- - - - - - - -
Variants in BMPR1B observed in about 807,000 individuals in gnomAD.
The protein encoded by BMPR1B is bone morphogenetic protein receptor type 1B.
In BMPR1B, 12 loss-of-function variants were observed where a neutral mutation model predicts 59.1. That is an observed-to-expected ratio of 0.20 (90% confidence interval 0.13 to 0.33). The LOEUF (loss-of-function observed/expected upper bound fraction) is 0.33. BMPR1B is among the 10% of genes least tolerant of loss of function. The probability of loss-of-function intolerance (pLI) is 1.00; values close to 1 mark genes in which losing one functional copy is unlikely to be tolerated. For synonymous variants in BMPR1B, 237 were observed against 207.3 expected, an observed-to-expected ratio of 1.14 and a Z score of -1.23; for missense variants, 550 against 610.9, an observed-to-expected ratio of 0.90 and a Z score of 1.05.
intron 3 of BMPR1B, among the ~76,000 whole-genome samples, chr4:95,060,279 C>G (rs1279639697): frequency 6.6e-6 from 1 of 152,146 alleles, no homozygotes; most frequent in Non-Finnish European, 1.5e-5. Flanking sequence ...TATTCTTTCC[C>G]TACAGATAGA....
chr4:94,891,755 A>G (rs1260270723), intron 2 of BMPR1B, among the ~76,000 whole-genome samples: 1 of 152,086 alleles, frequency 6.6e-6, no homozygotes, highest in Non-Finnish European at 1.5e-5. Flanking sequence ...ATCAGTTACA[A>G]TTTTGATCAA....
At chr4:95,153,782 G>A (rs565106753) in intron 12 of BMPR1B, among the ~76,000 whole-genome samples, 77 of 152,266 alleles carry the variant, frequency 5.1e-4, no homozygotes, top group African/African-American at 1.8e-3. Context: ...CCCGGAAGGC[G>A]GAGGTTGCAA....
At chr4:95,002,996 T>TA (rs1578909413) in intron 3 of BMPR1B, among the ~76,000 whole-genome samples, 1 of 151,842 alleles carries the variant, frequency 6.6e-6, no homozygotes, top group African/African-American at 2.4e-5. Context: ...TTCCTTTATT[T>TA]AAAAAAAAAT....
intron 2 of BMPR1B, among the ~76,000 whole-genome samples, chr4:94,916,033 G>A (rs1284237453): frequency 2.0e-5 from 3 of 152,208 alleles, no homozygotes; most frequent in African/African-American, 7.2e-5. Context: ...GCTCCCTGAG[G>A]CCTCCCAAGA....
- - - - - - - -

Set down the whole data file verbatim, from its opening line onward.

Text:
Variants in BMPR1B observed in about 807,000 individuals in gnomAD.
The protein encoded by BMPR1B is bone morphogenetic protein receptor type 1B.
In BMPR1B, 12 loss-of-function variants were observed where a neutral mutation model predicts 59.1. That is an observed-to-expected ratio of 0.20 (90% confidence interval 0.13 to 0.33). The LOEUF (loss-of-function observed/expected upper bound fraction) is 0.33. BMPR1B is among the 10% of genes least tolerant of loss of function. The probability of loss-of-function intolerance (pLI) is 1.00; values close to 1 mark genes in which losing one functional copy is unlikely to be tolerated. For synonymous variants in BMPR1B, 237 were observed against 207.3 expected, an observed-to-expected ratio of 1.14 and a Z score of -1.23; for missense variants, 550 against 610.9, an observed-to-expected ratio of 0.90 and a Z score of 1.05.
intron 3 of BMPR1B, among the ~76,000 whole-genome samples, chr4:95,060,279 C>G (rs1279639697): frequency 6.6e-6 from 1 of 152,146 alleles, no homozygotes; most frequent in Non-Finnish European, 1.5e-5. Flanking sequence ...TATTCTTTCC[C>G]TACAGATAGA....
chr4:94,891,755 A>G (rs1260270723), intron 2 of BMPR1B, among the ~76,000 whole-genome samples: 1 of 152,086 alleles, frequency 6.6e-6, no homozygotes, highest in Non-Finnish European at 1.5e-5. Flanking sequence ...ATCAGTTACA[A>G]TTTTGATCAA....
At chr4:95,153,782 G>A (rs565106753) in intron 12 of BMPR1B, among the ~76,000 whole-genome samples, 77 of 152,266 alleles carry the variant, frequency 5.1e-4, no homozygotes, top group African/African-American at 1.8e-3. Context: ...CCCGGAAGGC[G>A]GAGGTTGCAA....
At chr4:95,002,996 T>TA (rs1578909413) in intron 3 of BMPR1B, among the ~76,000 whole-genome samples, 1 of 151,842 alleles carries the variant, frequency 6.6e-6, no homozygotes, top group African/African-American at 2.4e-5. Context: ...TTCCTTTATT[T>TA]AAAAAAAAAT....
intron 2 of BMPR1B, among the ~76,000 whole-genome samples, chr4:94,916,033 G>A (rs1284237453): frequency 2.0e-5 from 3 of 152,208 alleles, no homozygotes; most frequent in African/African-American, 7.2e-5. Context: ...GCTCCCTGAG[G>A]CCTCCCAAGA....